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April 28th, 2017

Insight

Will Dems' nominee be a patrician blacksmith?

George Will

By George Will

Published May 7, 2015

America's smallest state — one Nevada county is nearly eight times larger — has the longest name: In a 2010 referendum, voters kept the official title, State of Rhode Island and Providence Plantations. The state also has a dark-horse potential presidential candidate who is the only Democratic candidate so far who can shoe a horse. "Put a blacksmith in the White House" could be Lincoln Chafee's slogan.

A prep school classmate of Jeb Bush at Andover, Chafee is a scion of one of Rhode Island's Five Families. His implausible hope is to defeat Hillary Clinton's implausible campaign to be anointed champion of, simultaneously, downtrodden Americans and foreign uranium magnates. He promises a third Barack Obama term: "President Obama has led admirably. He has revived our economy." Chafee said this shortly before the grim expectation that the economy's first-quarter growth would be a miserable 1 percent proved to be five times too optimistic.

Chafee, 62, who served one full term as a Republican senator, became the first person in Rhode Island's statehood elected governor as an independent. Then he became a Democrat. He, too, is not an obvious candidate to lead the vanguard of the proletariat: His pedigree runs from his father, John (Rhode Island governor; secretary of the Navy; four-term senator), back to a great-great-grandfather who was the state's governor, and a great-great-uncle who was a U.S. senator, all the way to an ancestor whose arrival in New England in 1637 almost coincided with the arrival of Jeb Bush's great-great-great-great-great-great-great-great-grandfather.

Upon graduating from Brown, where he majored in classics, Chafee, like a Huck Finn shucking off an Ivy League patina, lit out for the territories. For Montana, to take up blacksmithing, which he practiced for seven years, often at harness-racing tracks, from Canada to Florida. He speaks about shoeing horses with more passion and specificity than he does about his primary interest today, foreign policy: "I want to highlight the importance of more friends and fewer enemies."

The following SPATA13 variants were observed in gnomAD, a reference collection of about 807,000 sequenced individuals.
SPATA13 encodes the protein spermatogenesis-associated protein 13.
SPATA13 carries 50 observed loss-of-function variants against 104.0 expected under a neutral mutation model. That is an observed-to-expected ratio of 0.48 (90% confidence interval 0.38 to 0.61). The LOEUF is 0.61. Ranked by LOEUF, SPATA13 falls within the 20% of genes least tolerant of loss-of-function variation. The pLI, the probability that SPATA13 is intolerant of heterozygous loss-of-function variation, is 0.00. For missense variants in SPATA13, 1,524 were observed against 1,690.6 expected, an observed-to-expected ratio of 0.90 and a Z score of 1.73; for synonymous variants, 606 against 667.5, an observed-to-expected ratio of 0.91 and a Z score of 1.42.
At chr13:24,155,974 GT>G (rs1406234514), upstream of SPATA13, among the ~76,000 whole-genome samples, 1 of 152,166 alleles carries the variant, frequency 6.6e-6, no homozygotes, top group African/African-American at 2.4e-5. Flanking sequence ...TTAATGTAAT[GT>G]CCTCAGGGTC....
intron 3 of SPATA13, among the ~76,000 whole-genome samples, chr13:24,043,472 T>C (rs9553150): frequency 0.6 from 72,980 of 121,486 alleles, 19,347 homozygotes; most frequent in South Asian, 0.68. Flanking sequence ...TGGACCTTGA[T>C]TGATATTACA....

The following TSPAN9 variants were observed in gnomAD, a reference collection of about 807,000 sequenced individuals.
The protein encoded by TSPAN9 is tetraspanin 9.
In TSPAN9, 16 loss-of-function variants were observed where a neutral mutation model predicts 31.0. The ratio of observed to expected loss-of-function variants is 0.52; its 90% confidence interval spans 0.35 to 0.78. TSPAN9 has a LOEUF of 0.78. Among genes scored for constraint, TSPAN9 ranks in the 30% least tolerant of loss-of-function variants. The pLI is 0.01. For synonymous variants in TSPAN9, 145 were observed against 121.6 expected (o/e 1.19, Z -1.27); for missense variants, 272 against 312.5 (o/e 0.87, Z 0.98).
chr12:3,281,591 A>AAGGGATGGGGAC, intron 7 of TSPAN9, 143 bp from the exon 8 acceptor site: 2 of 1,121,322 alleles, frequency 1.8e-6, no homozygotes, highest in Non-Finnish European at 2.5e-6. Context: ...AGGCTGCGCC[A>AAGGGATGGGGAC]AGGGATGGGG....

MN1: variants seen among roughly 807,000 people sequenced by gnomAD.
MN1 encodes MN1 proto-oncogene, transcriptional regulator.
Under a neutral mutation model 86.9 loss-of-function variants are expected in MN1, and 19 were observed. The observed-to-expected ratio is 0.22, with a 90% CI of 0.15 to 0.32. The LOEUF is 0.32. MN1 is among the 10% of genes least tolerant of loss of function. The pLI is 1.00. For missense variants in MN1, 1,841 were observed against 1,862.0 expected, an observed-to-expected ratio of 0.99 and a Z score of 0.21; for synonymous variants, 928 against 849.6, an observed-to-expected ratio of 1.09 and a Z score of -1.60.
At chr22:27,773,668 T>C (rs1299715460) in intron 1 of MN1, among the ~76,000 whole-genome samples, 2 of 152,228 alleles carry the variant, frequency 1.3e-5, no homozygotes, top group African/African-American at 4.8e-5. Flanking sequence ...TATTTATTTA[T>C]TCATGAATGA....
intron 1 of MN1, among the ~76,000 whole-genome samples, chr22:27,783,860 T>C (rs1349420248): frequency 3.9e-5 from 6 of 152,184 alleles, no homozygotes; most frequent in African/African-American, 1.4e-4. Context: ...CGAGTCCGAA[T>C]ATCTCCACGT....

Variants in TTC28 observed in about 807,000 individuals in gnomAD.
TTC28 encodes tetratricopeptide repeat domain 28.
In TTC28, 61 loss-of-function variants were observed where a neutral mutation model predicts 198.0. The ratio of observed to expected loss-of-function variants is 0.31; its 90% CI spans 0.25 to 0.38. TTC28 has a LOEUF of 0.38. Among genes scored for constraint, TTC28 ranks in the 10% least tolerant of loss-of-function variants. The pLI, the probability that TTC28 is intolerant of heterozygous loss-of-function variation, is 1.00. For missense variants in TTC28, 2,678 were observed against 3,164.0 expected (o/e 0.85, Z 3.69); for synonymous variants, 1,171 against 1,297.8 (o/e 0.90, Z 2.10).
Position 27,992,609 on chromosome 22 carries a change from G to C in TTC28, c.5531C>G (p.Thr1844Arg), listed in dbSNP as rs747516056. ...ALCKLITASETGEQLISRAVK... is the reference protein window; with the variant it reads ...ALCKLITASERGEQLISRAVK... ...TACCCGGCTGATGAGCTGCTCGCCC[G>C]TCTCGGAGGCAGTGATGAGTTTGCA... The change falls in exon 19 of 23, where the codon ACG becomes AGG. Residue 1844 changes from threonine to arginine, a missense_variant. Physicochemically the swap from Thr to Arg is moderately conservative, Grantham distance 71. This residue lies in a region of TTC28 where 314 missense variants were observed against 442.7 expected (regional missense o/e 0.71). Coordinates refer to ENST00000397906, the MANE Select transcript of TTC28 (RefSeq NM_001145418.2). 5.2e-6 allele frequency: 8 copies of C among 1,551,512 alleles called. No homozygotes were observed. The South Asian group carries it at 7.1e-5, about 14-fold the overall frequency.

His hopes for the Middle East boil down to "eventually a Gorbachev is going to come along." His reason for running is "let's end these wars." Regarding domestic affairs, his liberalism is low-voltage.

About Elizabeth Warren's proposal to make matters worse for the entitlement state by increasing Social Security benefits, he says only: "It depends on who they are for and how you pay for it." He dismisses Clinton ("It's accurate to call her a hawk") succinctly: "The world is much more chaotic than when she became secretary of state." Other judgments are more problematic: He says that the late Venezuelan president Hugo Chavez, with whom Chafee met twice, "wanted good relations with the United States."

Chafee has had fine moments. In 2002, he was the only Republican senator to vote against authorizing the invasion of Iraq. In 2006, amid white-hot hysteria about a nonexistent epidemic of flag burning, he was one of just three Republican friends of the First Amendment to vote against sending to the states for ratification a constitutional amendment that would have empowered Congress to ban desecration of the U.S. flag. The amendment, which might have been swiftly ratified by state legislatures eager to clutter the Constitution with a pious gesture, lost by just one vote.

Before becoming a senator and then governor, Chafee became mayor of Warwick, in spite of being reluctant to meet voters: "When I first went out to knock on doors, it took a while for me to get out of the car." One of British playwright Alan Bennett's comedies has this bit of dialogue:

Polly: He's a socialist but he doesn't like people.

Brian: Nor do I, much.

Polly: You're a Conservative. You don't have to.

Chafee probably likes people by now. He is, however, disqualified from bragging about his humble origins. Such bragging has been a staple of America's political vaudeville since 1840, when William Henry Harrison, the son of a wealthy Virginia planter family, was elected the nation's ninth president by pretending to be a hardscrabble member of the log-cabin-and-hard-cider set. Chafee cannot compete with Hillary Clinton's boast about having been "dead broke" just 15 years and many, many millions ago.

If restive Democrats, shopping for an alternative to Clinton, want a white-haired New Englander with features as craggy as the region's coastline, they can play at being sandbox socialists with Vermont's Bernie Sanders, who has overcome reticence. Chafee's genteel excoriation of Clinton includes noting that in 1964 she was a "Goldwater girl." Which means she peaked early.

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